Epidermal Growth Factor Receptor (EGFR) bearing tumors remain as one of the most insidious and difficult to treat human malignancies, affecting thousands of individuals each year. Our proposed studies are aimed at developing novel tumor immunotherapy by using both cryptic peptides of EGFR protein as well as isoaspartyl modified EGFR peptides, both of which break immune tolerance to "self" tumor antigens expressed on EGFR positive cancer cells. In general, most tumor antigens have been characterized as normal, non-mutated self-peptides, linking the concepts of autoimmunity with the development of tumor immunity. Previous studies demonstrate that vaccination with xenogenic peptide antigens can overcome immune tolerance. Our phase I studies have demonstrated the ability of peptide vaccination to elicit anti-EGFR antibodies in a manner that resembles binding of tumor cells by Erbitux, a commercial monoclonal antibody currently used in the immunotherapy of human colon cancer. Similar to EGFR binding by Erbitux, peptide vaccination generated antibody that binds native EGFR protein on living tumor cells and in solid phase immunoassays. We have demonstrated that immunization with EGFR peptides elicits antibodies that inhibit tumor growth in vitro and control tumor growth in vivo. The goals of the Phase II study are to develop enhanced anti-EGFR tumor immunity with a select group of EGFR peptides in combination with novel TLR-based adjuvants. We will also examine the therapeutic synergy in our peptide-based vaccination strategy with HER2 based immunotherapeutics. In support of our own approaches, recent studies have demonstrated that many tumor types co-express EGFR as well as HER2 protein. It is the goal of the Phase II studies to match the ideal peptide based immunizations in combination with TLR adjuvant and monoclonal antibody therapy to develop long term immunity and tumor clearance in murine models of human EGFR cancers.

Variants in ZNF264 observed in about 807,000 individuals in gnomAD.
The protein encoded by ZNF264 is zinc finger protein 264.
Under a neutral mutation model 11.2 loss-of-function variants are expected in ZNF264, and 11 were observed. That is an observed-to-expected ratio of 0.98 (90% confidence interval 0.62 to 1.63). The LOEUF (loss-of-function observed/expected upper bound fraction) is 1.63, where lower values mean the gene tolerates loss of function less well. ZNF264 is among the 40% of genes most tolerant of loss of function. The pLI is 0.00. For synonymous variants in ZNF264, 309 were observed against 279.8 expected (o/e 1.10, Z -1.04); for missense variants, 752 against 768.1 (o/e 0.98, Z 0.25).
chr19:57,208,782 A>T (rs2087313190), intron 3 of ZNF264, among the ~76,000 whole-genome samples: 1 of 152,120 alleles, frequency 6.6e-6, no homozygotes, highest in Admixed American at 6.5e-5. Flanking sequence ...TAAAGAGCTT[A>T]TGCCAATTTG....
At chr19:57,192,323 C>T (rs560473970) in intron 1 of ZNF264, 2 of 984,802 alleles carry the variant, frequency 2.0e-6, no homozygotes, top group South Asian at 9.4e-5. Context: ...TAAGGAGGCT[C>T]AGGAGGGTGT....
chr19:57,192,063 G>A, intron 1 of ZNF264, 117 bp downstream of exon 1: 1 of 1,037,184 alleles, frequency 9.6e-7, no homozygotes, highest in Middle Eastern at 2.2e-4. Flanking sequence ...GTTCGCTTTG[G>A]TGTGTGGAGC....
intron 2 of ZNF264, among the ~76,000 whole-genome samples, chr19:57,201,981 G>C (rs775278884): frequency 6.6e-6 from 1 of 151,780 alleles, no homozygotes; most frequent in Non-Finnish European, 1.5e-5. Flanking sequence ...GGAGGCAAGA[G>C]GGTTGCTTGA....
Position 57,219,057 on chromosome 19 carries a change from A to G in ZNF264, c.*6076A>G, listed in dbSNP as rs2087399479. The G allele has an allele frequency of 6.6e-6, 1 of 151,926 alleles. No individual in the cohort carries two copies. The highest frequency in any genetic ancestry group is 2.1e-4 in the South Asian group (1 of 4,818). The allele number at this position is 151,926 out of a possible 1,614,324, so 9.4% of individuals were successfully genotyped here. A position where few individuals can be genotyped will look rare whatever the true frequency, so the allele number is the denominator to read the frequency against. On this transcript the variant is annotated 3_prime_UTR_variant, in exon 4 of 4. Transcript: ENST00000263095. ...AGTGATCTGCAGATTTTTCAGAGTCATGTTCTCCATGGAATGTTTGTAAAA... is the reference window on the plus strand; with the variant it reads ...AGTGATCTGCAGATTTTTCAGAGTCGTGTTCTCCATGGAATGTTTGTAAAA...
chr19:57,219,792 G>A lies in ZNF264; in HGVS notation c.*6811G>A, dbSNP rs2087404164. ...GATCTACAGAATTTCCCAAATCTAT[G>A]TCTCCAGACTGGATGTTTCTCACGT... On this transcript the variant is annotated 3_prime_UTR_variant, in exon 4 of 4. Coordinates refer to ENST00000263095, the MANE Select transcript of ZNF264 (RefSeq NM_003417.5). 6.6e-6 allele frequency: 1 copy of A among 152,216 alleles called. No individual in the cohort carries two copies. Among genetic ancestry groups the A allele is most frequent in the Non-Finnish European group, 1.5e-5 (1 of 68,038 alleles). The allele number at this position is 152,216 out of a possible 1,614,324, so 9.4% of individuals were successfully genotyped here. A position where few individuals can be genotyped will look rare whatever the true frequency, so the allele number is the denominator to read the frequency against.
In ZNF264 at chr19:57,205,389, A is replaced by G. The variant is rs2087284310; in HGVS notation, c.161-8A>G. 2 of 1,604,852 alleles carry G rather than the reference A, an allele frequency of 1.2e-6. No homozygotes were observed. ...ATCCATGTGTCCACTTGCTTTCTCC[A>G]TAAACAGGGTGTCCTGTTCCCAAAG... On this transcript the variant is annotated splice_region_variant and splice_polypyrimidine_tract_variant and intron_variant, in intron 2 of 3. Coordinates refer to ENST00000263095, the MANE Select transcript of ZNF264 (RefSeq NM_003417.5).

Epidermal Growth Factor Receptor (EGFR) protein is the tumor target of approved monoclonal antibody therapies. This project will develop a candidate cancer vaccine to treat patients with aggressive tumors that express this protein. The cancer vaccine would be used in combination with existing therapies to improve long-term responses to cancer therapy.
|Doyle, Hester A; Mamula, Mark J (2012) Autoantigenesis: the evolution of protein modifications in autoimmune disease. Curr Opin Immunol 24:112-8|